Players of the 19th and 20th Century Theatre

Edward Compton,  1854 - 1918

Although Compton was London-based for much of his career, he made early appearances in Scotland and was well known in Ireland, particularly in the comic Shakespearean roles.

Compton, who became an actor/manager and toured with his Compton Comedy Company, must have reached Kilmarnock very early in his theatrical life.   His first professional engagement was in Bristol in 1873 and he did not reach London until 1877.  In 1881, aged 26, he organized the Compton Comedy Company, which for over 30 years played Shakespearean and old English comedies throughout the country and formed a valuable school of training for young actors and actresses.

Compton was father of Sir Compton Mackenzie, the novellist, Fay Compton, the actress, and great grandfather of Alan Howard, an Associate Artist of the Royal Shakespeare Company.  He is a descendant of Charles Murray Actor/Manager, 1754-1821

In 1876 Compton, aged little more than 20, appeared in a performance of Hamlet at the newly opened Opera House in Kilmarnock. While it is reasonable to assume that Compton played one of the minor roles, an oil painting of Compton in the role of Hamlet in 1876 is in the collections of the Victoria and Albert Museum.  Hence, it is possible that he was, in fact, playing Hamlet, a possibility re-inforced by the added fact that it was his benefit performance at the Kilmarnock Theatre.

Compton went on to established himself as a comedy actor, achieving considerable success in characters such as Malvolio or Sir Toby Belch.  Reviewing his appearance in the role of Dromio of Syracuse in 'The Comedy of Errors', the critic of the Glasgow Evening Citizen (February 13th, 1883) noted, 'A light-footed, light-hearted knave, now the companion of his master, and now the butt of his master's tongue. This Dromio was one of the most humourous and entertaining of stage figures.'

Links with Ayrshire

The National Library of Scotland's collection of Scottish Theatre Programmes includes one programme for the Kilmarnock Opera House. This is for a performance of Hamlet in 1876, described as a 'Grand fashionable night for the benefit of Mr Edward Compton.'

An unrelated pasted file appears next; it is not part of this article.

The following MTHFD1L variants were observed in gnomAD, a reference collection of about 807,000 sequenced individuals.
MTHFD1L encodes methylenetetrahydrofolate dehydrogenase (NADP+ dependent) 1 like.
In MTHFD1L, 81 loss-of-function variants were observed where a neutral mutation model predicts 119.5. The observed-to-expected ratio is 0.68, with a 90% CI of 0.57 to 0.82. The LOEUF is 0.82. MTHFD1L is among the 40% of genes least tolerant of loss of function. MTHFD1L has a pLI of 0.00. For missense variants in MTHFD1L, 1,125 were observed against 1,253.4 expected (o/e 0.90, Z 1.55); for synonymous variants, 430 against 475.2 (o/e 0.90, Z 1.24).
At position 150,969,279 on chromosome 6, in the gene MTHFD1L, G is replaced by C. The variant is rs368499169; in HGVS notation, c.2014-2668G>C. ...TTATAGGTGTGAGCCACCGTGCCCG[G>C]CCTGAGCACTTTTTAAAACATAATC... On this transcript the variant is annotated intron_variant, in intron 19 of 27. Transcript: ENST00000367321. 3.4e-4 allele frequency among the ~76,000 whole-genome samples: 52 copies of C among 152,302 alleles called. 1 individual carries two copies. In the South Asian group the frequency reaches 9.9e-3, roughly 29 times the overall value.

Edward Compton in 'The Reformed Rake' 1908.   magnify

R. H. (Robert Henry) Wyndham (1813-1894)

R. H. (Robert Henry) Wyndham (1813-1894), founder of  the Howard and Wyndham theatre management company (1851-1894) was a skilful actor and manager from Salisbury; a man of unusual enterprise and vision.

He began his career as a member of Macready’s company at Covent Garden and first came to Scotland to play at the Adelphi Theatre in Glasgow. William Murray (1790-1852), long serving manager of the Theatre Royal in Edinburgh, saw him perform there and brought him to join his company in Edinburgh in 1846.  Wyndham became Murray’s last assistant manager and, on Murray’s retirement, Wyndham took the lease of the Adelphi Theatre in 1851.

During his early career Wyndham had outshone Charles Kean with the splendour of his productions of Shakespeare’s Henry VIII and A Midsummer Night's Dream.  In 1857 he engaged Henry Irving, straight from a debut in Sunderland, to be a juvenile lead. The future first Knight of the British theatre was given four hundred and twenty eight roles in Wyndham's Edinburgh's stock company.

His opening production at the restored Adelphi theatre was The School for Scandal in which he played Charles Surface. His wife was Lady Teazle and, keeping family ties to the fore of the company, his brother-in-law, Mr. Saker, played Moses.  There were frequent clashes of repertory between the Adelphi and the Theatre Royal: Shakespeare’s Macbeth, Gulliver’s Travels, Rob Roy and The Corsican Brothers could often be seen in both theatres in the same week.

Links with Ayrshire

No links with Ayrshire have been identified.

Top   ~  Wyndham as a Manager and Impresario

Portrait of R. H. Wyndham. [Copyright expired on original image.]    magnify

J B Howard

Edward Compton and the Scottish Press

Mr Edward Compton is always certain of a flattering welcome from the admirers of high class comedy in Paisley; but probably on no previous visit did he meet with so hearty a reception as was accorded him last night.

Further Press Appreciation.

'We have little hesitation in saying that what Mr. Irving has accomplished for tragedy, Mr. Edward Compton, young as he is, bids fair to do for high comedy.

Theatrical Fires

Wyndham could claim to have had four Scottish theatres burned under him, a record for a theatre manager in Scotland.

Howard and Wyndham

During 1869, Wyndham senior took leave of theatrical affairs and leased the theatre to J.B. Howard for a summer season.

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